The prescient advice of Michel Serres
Just now, I was reading an interview to Michel Serres by Peter Hallward, from a 2003 issue of Angelaki (which the usual anonymous benefactor has made availlable online here). In it, there is a passage which made me smile, given the current situation with Middlesex University in which Hallward is involved and also for its proximity with my own opinions about academia in general, and academic philosophy in particular (and how the best philosophy is not from philosophy departments). Here it is (from page 10, the emphasis is mine):
P.H.: One last question along these lines: it seems to me that sometimes you affirm a sort of ethics of genius or of heroic innovation, in which innovative and courageous invention “is the only true intellectual act, the only act of intelligence” – and therefore, I suppose, the only act worthy of moral consideration. You insist on the value of rarity. Do you conceive of morality on the basis of what’s exceptional?
M.S.: It’s not a question of genius, but it’s true that the only true intellectual act is to invent. Now, it is equally true that nothing works better than the university model: it generates honest, industrious and precise people. How old are you, Mr Hallward?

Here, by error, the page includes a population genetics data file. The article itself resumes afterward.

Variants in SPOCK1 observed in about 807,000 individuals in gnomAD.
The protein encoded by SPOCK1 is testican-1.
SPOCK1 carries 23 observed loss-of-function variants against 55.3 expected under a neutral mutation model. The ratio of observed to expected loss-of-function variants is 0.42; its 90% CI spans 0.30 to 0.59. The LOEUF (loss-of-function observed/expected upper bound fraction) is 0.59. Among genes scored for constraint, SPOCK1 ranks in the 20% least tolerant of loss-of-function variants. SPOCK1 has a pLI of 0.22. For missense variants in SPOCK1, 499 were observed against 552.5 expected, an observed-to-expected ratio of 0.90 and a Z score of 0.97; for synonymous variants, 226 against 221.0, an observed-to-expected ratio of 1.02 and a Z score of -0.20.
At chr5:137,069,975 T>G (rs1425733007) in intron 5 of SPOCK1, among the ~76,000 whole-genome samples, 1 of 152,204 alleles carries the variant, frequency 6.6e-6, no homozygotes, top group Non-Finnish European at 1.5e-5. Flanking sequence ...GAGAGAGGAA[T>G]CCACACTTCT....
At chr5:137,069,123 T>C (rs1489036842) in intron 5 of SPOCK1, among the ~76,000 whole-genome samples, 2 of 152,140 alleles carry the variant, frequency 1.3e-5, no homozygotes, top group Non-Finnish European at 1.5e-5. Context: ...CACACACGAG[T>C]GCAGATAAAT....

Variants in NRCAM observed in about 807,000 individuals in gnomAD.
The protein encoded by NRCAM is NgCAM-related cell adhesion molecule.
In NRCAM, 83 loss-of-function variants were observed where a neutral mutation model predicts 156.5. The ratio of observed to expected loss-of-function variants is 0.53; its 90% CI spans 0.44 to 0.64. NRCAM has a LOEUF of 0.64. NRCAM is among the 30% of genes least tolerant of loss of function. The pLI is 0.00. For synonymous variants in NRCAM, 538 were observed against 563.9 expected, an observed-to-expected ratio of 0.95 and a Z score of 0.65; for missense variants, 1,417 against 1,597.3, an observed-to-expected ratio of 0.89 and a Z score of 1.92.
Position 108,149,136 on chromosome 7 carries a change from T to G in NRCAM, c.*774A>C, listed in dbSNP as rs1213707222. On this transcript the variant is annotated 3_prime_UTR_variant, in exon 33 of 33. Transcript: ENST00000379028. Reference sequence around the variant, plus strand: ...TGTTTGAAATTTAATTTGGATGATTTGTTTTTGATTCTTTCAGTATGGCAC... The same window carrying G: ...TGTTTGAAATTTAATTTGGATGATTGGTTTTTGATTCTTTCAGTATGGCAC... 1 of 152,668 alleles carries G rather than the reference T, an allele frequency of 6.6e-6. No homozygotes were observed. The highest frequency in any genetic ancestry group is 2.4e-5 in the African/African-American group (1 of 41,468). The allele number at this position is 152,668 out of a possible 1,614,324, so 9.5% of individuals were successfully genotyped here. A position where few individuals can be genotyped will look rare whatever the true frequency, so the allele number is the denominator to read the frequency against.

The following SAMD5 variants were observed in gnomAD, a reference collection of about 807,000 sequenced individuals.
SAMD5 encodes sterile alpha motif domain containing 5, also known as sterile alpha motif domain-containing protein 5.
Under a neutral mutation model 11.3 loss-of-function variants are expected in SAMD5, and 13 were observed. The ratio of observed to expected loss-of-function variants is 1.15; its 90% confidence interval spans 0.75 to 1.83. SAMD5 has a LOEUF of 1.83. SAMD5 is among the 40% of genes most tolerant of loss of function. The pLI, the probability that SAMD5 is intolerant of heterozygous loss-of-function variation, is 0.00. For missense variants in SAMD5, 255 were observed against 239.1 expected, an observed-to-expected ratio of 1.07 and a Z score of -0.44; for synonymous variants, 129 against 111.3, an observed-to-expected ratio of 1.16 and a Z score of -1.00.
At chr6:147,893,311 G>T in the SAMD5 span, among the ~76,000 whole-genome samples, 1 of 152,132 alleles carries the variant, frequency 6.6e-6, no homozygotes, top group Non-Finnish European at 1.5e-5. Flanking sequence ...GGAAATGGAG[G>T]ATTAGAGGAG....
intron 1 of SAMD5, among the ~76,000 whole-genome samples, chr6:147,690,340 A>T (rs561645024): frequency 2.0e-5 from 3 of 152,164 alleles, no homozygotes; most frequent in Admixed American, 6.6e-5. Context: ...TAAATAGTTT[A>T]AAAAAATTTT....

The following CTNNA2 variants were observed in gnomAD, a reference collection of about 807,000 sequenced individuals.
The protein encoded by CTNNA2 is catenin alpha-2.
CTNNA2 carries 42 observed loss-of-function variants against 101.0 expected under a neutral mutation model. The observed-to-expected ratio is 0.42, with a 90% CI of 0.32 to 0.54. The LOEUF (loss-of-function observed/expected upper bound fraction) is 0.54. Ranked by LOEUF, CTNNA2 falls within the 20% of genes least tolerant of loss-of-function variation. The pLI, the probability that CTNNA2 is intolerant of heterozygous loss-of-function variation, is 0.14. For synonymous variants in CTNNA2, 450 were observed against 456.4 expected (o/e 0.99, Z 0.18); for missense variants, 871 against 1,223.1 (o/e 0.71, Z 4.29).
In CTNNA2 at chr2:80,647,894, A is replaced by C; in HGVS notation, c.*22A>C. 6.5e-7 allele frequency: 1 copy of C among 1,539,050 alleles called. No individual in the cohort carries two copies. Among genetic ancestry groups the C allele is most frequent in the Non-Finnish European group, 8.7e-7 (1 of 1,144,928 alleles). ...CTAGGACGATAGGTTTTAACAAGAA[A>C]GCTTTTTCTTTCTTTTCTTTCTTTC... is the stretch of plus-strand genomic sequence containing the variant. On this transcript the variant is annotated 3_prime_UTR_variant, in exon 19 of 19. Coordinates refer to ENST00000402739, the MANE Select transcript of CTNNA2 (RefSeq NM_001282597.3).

P.H.: I’m 34.
M.S.: I have just one piece of advice for you: take the university model and chuck it into the sea.
P.H.: It’s a tempting thought! And how will I make a living?
M.S.: You can make a living by teaching, etc., but you need to be careful that, as far as your own thinking is concerned, you’ve thrown away the model. The university model is the best possible model, that’s why it’s dangerous; the better it is, the more we must keep our distance. Why? Because it forbids invention, it forbids it absolutely. If you invent then you will be excluded from the university, one way or another. The university is the great inhibitor of intelligence, precisely because it is its perfect model. The professors are admirable, the École Normale is magnificent – throw it all overboard. Because after you reach a certain age there is only one lesson of intellectual morality, which is to forget this entire model as quickly as possible. I am not saying that this is the sufficient condition for invention, but it certainly is a necessary condition.
P.H.: And you, an honoured member of the Académie Française, an employee of Stanford University, doesn’t your own trajectory rather refute what you’ve just said?
M.S.: But I was excluded from the field of philosophy at your age, I was barred from teaching philosophy. I moved to history, and taught in a history department my entire life. All of my books are outside of traditional philosophy, as the university understands it.